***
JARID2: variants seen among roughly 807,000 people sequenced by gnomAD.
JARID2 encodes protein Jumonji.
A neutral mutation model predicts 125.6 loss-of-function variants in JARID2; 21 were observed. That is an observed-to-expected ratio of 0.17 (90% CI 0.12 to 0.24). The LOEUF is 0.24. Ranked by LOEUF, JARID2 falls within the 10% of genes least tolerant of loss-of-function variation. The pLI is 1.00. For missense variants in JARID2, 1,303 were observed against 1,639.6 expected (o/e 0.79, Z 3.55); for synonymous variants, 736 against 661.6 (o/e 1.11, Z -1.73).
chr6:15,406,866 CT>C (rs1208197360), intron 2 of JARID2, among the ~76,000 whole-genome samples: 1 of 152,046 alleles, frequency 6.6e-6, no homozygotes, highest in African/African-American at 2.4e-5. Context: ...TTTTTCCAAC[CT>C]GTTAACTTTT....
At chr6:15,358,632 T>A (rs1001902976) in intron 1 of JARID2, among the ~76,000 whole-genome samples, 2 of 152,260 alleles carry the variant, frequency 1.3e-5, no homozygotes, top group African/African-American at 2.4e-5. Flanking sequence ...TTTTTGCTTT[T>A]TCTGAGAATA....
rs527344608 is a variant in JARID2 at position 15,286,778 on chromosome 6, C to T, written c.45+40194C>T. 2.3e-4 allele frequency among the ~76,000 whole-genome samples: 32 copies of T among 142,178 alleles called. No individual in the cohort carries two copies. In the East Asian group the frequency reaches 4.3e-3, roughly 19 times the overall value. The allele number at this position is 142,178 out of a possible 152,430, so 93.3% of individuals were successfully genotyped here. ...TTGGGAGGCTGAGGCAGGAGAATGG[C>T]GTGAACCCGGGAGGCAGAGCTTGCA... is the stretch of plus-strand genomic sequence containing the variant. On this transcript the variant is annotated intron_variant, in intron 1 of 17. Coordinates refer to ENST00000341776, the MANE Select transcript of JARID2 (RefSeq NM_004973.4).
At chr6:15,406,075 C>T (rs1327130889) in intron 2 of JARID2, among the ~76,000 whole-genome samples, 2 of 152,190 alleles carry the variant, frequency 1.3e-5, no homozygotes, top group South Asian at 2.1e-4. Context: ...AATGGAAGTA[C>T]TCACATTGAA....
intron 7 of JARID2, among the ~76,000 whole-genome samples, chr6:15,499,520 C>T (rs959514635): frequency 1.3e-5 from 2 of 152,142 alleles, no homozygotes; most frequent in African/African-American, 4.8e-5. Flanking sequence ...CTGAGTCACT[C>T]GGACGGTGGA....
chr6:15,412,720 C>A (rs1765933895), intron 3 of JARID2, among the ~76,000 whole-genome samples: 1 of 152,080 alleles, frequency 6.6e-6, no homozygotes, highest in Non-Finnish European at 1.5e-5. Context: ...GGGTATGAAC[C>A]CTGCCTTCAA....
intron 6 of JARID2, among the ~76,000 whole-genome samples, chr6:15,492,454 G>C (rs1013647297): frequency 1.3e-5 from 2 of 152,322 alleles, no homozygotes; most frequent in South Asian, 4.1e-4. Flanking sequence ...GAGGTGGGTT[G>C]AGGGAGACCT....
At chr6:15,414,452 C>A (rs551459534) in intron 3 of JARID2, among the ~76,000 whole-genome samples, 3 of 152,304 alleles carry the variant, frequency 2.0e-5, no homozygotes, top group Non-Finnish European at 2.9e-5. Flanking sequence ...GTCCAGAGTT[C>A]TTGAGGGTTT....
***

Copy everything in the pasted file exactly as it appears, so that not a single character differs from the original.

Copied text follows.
JARID2: variants seen among roughly 807,000 people sequenced by gnomAD.
JARID2 encodes protein Jumonji.
A neutral mutation model predicts 125.6 loss-of-function variants in JARID2; 21 were observed. That is an observed-to-expected ratio of 0.17 (90% CI 0.12 to 0.24). The LOEUF is 0.24. Ranked by LOEUF, JARID2 falls within the 10% of genes least tolerant of loss-of-function variation. The pLI is 1.00. For missense variants in JARID2, 1,303 were observed against 1,639.6 expected (o/e 0.79, Z 3.55); for synonymous variants, 736 against 661.6 (o/e 1.11, Z -1.73).
chr6:15,406,866 CT>C (rs1208197360), intron 2 of JARID2, among the ~76,000 whole-genome samples: 1 of 152,046 alleles, frequency 6.6e-6, no homozygotes, highest in African/African-American at 2.4e-5. Context: ...TTTTTCCAAC[CT>C]GTTAACTTTT....
At chr6:15,358,632 T>A (rs1001902976) in intron 1 of JARID2, among the ~76,000 whole-genome samples, 2 of 152,260 alleles carry the variant, frequency 1.3e-5, no homozygotes, top group African/African-American at 2.4e-5. Flanking sequence ...TTTTTGCTTT[T>A]TCTGAGAATA....
rs527344608 is a variant in JARID2 at position 15,286,778 on chromosome 6, C to T, written c.45+40194C>T. 2.3e-4 allele frequency among the ~76,000 whole-genome samples: 32 copies of T among 142,178 alleles called. No individual in the cohort carries two copies. In the East Asian group the frequency reaches 4.3e-3, roughly 19 times the overall value. The allele number at this position is 142,178 out of a possible 152,430, so 93.3% of individuals were successfully genotyped here. ...TTGGGAGGCTGAGGCAGGAGAATGG[C>T]GTGAACCCGGGAGGCAGAGCTTGCA... is the stretch of plus-strand genomic sequence containing the variant. On this transcript the variant is annotated intron_variant, in intron 1 of 17. Coordinates refer to ENST00000341776, the MANE Select transcript of JARID2 (RefSeq NM_004973.4).
At chr6:15,406,075 C>T (rs1327130889) in intron 2 of JARID2, among the ~76,000 whole-genome samples, 2 of 152,190 alleles carry the variant, frequency 1.3e-5, no homozygotes, top group South Asian at 2.1e-4. Context: ...AATGGAAGTA[C>T]TCACATTGAA....
intron 7 of JARID2, among the ~76,000 whole-genome samples, chr6:15,499,520 C>T (rs959514635): frequency 1.3e-5 from 2 of 152,142 alleles, no homozygotes; most frequent in African/African-American, 4.8e-5. Flanking sequence ...CTGAGTCACT[C>T]GGACGGTGGA....
chr6:15,412,720 C>A (rs1765933895), intron 3 of JARID2, among the ~76,000 whole-genome samples: 1 of 152,080 alleles, frequency 6.6e-6, no homozygotes, highest in Non-Finnish European at 1.5e-5. Context: ...GGGTATGAAC[C>A]CTGCCTTCAA....
intron 6 of JARID2, among the ~76,000 whole-genome samples, chr6:15,492,454 G>C (rs1013647297): frequency 1.3e-5 from 2 of 152,322 alleles, no homozygotes; most frequent in South Asian, 4.1e-4. Flanking sequence ...GAGGTGGGTT[G>C]AGGGAGACCT....
At chr6:15,414,452 C>A (rs551459534) in intron 3 of JARID2, among the ~76,000 whole-genome samples, 3 of 152,304 alleles carry the variant, frequency 2.0e-5, no homozygotes, top group Non-Finnish European at 2.9e-5. Flanking sequence ...GTCCAGAGTT[C>A]TTGAGGGTTT....